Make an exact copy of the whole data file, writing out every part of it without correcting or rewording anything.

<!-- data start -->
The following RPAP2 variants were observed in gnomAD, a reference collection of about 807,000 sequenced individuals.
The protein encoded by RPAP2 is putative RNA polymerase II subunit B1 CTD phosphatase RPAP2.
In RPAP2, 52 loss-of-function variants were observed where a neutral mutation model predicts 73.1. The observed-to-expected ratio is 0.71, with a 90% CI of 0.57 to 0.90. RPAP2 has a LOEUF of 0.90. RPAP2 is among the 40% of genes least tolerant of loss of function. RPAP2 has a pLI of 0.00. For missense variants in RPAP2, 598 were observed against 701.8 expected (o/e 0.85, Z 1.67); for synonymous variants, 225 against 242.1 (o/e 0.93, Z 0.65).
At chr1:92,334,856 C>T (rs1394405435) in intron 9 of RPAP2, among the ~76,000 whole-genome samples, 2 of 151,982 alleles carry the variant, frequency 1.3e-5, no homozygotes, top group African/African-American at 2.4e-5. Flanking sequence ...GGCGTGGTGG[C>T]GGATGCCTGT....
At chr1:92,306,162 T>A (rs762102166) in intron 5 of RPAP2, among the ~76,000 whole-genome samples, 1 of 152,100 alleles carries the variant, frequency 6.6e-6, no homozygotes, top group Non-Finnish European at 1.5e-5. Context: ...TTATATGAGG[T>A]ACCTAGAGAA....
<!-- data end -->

The following RPAP2 variants were observed in gnomAD, a reference collection of about 807,000 sequenced individuals.
The protein encoded by RPAP2 is putative RNA polymerase II subunit B1 CTD phosphatase RPAP2.
In RPAP2, 52 loss-of-function variants were observed where a neutral mutation model predicts 73.1. The observed-to-expected ratio is 0.71, with a 90% CI of 0.57 to 0.90. RPAP2 has a LOEUF of 0.90. RPAP2 is among the 40% of genes least tolerant of loss of function. RPAP2 has a pLI of 0.00. For missense variants in RPAP2, 598 were observed against 701.8 expected (o/e 0.85, Z 1.67); for synonymous variants, 225 against 242.1 (o/e 0.93, Z 0.65).
At chr1:92,334,856 C>T (rs1394405435) in intron 9 of RPAP2, among the ~76,000 whole-genome samples, 2 of 151,982 alleles carry the variant, frequency 1.3e-5, no homozygotes, top group African/African-American at 2.4e-5. Flanking sequence ...GGCGTGGTGG[C>T]GGATGCCTGT....
At chr1:92,306,162 T>A (rs762102166) in intron 5 of RPAP2, among the ~76,000 whole-genome samples, 1 of 152,100 alleles carries the variant, frequency 6.6e-6, no homozygotes, top group Non-Finnish European at 1.5e-5. Context: ...TTATATGAGG[T>A]ACCTAGAGAA....